(2005, 2006) was developed using the leadership development reflections of students at the post- secondary level. Komives et al. (2005, 2006) selected this population because students in college had enough life experience to reflect on while still being actively engaged in the development of their own leadership identity.
4. Leadership Differentiated
3. Leader Identified
The leadership identity model proposed by Komives et al. (2005, 2006) outlined six stages of identity development: awareness, exploration/engagement, leader identified, leadership differentiated, generativity, and integration/synthesis (see Figure 1).
Figure 1. Six stages of leadership identity development (Komives et al., 2005, 2006).
The first stage, awareness, involves students becoming aware that leadership happens in the world. Typically, students in this stage view leaders as historic figures. Furthermore, students in this stage feel completely reliant on the leadership of others. For many students, identifying aspects of their own leadership identity is not realized until it is brought to their attention (Komives et al., 2005). Therefore, education programs that discuss aspects of leadership identity aid in the transition to the second stage. The transition out of the awareness stage begins when an individual starts to realize their potential to be a leader in the future.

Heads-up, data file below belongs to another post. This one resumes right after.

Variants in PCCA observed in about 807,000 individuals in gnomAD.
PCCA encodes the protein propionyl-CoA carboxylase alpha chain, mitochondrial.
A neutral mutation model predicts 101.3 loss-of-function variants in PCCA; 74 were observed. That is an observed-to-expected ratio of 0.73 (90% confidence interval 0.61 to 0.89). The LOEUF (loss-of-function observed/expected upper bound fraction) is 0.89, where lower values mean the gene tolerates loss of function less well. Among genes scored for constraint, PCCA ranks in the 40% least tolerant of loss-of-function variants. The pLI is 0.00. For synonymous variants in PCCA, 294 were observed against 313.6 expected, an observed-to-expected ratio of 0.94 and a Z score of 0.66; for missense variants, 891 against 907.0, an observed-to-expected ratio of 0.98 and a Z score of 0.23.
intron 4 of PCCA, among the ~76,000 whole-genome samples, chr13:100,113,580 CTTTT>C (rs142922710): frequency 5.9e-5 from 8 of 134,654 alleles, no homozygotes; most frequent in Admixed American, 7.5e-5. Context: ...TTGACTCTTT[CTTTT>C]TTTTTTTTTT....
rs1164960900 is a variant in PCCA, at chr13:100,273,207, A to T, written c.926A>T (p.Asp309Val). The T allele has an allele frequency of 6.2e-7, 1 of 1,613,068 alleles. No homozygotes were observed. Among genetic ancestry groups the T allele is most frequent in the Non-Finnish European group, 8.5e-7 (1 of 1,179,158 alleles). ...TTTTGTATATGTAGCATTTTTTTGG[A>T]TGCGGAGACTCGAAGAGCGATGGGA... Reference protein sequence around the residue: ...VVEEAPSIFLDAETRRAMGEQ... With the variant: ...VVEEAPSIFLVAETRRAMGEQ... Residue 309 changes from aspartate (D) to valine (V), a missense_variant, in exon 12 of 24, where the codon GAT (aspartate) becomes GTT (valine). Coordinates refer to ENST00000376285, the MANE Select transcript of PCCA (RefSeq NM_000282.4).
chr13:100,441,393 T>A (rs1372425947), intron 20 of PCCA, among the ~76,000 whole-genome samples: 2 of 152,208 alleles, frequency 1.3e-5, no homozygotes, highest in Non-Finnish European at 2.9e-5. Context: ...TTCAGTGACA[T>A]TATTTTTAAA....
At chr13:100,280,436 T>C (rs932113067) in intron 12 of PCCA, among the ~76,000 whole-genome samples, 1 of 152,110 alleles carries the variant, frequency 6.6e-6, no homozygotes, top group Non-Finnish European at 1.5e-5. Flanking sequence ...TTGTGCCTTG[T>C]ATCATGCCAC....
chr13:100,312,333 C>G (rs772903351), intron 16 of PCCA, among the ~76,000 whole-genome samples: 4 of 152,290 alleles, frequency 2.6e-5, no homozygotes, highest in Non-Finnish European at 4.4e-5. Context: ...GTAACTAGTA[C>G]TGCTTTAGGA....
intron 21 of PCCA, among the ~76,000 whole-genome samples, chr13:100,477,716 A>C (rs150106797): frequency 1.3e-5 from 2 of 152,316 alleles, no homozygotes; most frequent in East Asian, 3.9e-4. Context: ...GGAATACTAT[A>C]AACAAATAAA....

In stage two, exploration and engagement, students begin to form peer groups and seek opportunities to explore their interests. Opportunities for students to take on newresponsibilities, including leadership, occur during this exploration-based stage. Students’ view of leadership in stage two includes recognizing leaders within their daily life, like teachers, ministers, and siblings. The transition out of stage two is typically marked by the recognition of the student’s leadership potential by someone else (Komives et al., 2006).
Stage three, leader-identified, is the stage in which the majority of students begin their college career. In the leader-identified stage, students recognize positional leadership and begin moving in and out of leadership roles, exploring what it takes to be a positional leader. As students move through this stage, they start to reduce their involvement in groups, focusing on those groups with greater personal meaning. During stage three, leaders pursue more complex